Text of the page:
I’ve always been a scrounger, ferreting around in dark corners for the old and the interesting, hunting for odd and unusual stories. Here are a few bits and pieces gathered in my travels.
The case of the flattened shell
It’s a German artillery shell case, cunningly crushed almost flat by some clever machine that has managed to leave the finished product oddly symmetrical. Not only that, when you view it side-on, it seems the flattened metal has the form of a strange malevolent face. On the bottom of the shell case you can read its pedigree: “Patronenfabrik, Karlsruhe”.
At first I assumed it was a piece of German Great War trench art, but the strange thing is, it appears to have been produced as a piece of advertising for a British-made anti-fouling paint – “Rahtjen’s Composition“, designed “fur schiffsboden” – to coat the bottoms of ships and boats. Just as I was mulling that problem over, the owner of the antique shop where I was viewing the item (Peter Woof of Evandale Antiques, Tasmania) stepped in to supply an intriguing back-story. This ashtray (or whatever it is meant to be) came from a deceased estate that included the effects of the Australian Great War soldier, Keith Heritage.
Heritage – a champion rower – is reputed to have been the first Australian to enlist in that war. According to his Wikipedia entry, he signed up on August 11, 1914, and participated in the Australian task force sent to take German New Guinea in 1914. The Australians were successful, and it seems many of them brought back a variety of souvenirs. After his time at New Guinea, Heritage also served at Gallipoli and on the Western Front. He was awarded the Military Cross, and was a captain at the time he was killed, at Pozieres in 1916.
The dealer showed me a chair that had come from the same estate, emblazoned with the words “NDL SS Sumatra”. This was a ship belonging to the German shipping line Norddeutscher Lloyd, captured by Australia’s new battle cruiser, HMAS Australia, during the action. The dealer was certain that the ashtray also came from from the SS Sumatra. That would make sense: the British anti-fouling paint was evidently being promoted in Germany before the war, and this artifact was part of the advertising campaign. Perhaps the product was used to paint the bottom of the Sumatra. At any rate, after its capture the Sumatra was put to work for Australia’s New Guinea administration. It met a tragic end on June 26, 1923 when it sank between Port Macquarie and Crescent Head with the loss of 44 crew and one passenger.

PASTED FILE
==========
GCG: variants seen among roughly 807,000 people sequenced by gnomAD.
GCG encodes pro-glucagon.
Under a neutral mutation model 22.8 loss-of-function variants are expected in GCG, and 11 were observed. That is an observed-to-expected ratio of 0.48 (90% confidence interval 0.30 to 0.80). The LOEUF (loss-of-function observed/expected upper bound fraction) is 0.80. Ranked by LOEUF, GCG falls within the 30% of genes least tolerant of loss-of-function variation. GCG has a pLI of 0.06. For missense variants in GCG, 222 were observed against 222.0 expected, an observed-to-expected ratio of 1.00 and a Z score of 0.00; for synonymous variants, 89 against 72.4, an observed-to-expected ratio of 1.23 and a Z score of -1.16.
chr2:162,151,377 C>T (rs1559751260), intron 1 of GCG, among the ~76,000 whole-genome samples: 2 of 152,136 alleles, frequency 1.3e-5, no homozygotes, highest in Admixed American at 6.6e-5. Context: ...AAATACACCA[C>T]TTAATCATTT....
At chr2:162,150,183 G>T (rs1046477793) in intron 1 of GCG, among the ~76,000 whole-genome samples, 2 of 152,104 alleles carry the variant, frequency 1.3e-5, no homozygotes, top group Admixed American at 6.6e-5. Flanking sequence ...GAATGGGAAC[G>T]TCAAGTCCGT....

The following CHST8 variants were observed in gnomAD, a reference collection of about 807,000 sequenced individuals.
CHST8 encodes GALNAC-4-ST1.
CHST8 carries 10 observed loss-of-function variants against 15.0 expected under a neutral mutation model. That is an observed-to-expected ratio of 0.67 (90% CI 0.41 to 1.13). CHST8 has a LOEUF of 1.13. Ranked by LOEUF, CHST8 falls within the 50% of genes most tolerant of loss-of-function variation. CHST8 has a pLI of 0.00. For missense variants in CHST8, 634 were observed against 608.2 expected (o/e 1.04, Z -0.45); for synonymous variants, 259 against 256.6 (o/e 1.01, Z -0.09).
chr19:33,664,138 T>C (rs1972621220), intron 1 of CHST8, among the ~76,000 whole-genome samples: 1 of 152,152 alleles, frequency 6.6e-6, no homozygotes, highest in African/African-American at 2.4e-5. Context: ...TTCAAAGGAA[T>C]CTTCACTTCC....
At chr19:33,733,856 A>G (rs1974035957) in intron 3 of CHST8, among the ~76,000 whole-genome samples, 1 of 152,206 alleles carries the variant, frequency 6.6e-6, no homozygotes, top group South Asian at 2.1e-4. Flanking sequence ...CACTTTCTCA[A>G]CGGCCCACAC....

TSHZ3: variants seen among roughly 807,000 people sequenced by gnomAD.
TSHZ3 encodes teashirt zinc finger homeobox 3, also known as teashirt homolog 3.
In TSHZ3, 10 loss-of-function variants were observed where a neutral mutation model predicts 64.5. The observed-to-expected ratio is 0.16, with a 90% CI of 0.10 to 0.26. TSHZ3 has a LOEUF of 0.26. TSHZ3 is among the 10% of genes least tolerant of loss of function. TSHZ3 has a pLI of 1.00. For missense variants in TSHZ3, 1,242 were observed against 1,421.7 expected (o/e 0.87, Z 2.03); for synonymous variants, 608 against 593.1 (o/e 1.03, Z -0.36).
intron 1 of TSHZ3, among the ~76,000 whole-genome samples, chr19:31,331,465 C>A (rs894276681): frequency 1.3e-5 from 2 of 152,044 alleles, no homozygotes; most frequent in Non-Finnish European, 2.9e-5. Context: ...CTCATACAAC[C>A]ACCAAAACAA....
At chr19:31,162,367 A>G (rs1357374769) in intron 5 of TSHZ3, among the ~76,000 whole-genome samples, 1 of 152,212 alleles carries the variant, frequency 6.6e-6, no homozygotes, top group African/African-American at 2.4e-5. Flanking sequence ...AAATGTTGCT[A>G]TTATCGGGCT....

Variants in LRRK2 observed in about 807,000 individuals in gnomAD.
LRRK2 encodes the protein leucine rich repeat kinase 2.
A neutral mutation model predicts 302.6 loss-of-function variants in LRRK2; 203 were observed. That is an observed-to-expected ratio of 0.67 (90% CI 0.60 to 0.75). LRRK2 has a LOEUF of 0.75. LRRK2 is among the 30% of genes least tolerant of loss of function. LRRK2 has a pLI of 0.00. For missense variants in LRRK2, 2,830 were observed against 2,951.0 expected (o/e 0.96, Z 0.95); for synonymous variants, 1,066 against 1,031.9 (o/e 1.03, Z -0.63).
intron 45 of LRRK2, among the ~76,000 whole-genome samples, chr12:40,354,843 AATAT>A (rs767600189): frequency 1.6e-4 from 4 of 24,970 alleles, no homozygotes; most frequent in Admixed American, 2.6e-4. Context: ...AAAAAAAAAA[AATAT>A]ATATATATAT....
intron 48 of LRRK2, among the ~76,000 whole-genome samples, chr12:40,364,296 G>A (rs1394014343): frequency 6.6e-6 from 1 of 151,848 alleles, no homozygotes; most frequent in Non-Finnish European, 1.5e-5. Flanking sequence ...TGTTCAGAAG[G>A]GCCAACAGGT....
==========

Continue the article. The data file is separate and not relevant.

NB: Among the souvenirs brought back to Australia by victorious troops were some valuable glass plate negatives, the work of German ethnologist Richard Thurnwald. These were seized by Australian soldier and photographer Thomas Rodoni, and for some time were thought to be his work. A fascinating article about these negatives can be found on the website of the University of Newcastle.
The university’s Living Histories site also contains this superb collection of images and documents collected during the campaign by Alison Douglas Adam, a Newcastle man who spent many years working as a clerk for the Huddart Parker shipping company in Newcastle.
I’m positive she’s not my type
To begin with, I wondered why somebody had delicately painted on the back of a glass negative. I tried to scan the negative as I normally would, but the image came out wrong. It wasn’t a positive, exactly, but there was something strange about it. That’s when we put a black card behind it and – lo and behold – the point of the painting became clear. This was no standard negative. It was an “ambrotype” , which more or less dates it to the 1850s or 1860s. It was evidently once displayed in an oval frame, now missing. Who is the lady? I believe I will never know.
It’s a tin and a table decoration all in one
I’m not really a big collector of decorative tins. It’s far too big a field. But now and then I can’t resist, and this odd tin – found at the Wollombi Fair a few years ago – is one such case. At first glance it is fairly unattractive, like a model of a strange UFO. But there was something about that raised part on top that suggested this tin had a trick to play, and I soon discovered it. I guess it was sold with chocolates inside, and you could remove the lid and fit it to the bottom of the tin to create a handy little tray to dispense them from. And perhaps you might keep it after the chocolates were all gone and use to to hold – oh, I don’t know – a collection of old military buttons?
There’s ink in the centre of the Earth
This funny little paper-covered sphere is a miniature globe of the world. Whoever put it together used a noticeable lack of care in ensuring the hemispheres matched. Apart from that, though, it’s very cute. A little catch, when pushed, opens it up as seen on the left. Another little catch opens it up still further and voila! – a portable inkwell.
And this is where he kept his nibs
I’ve something of a weakness for things shaped like books, so this pretty little tin caught my eye. Turns out it’s a container for pen nibs, part of a system called by its creators – D. Leonardt & Co – the “universal pen”. Like the inkwell above, this is something I will never use. But still, it’s nice to look at.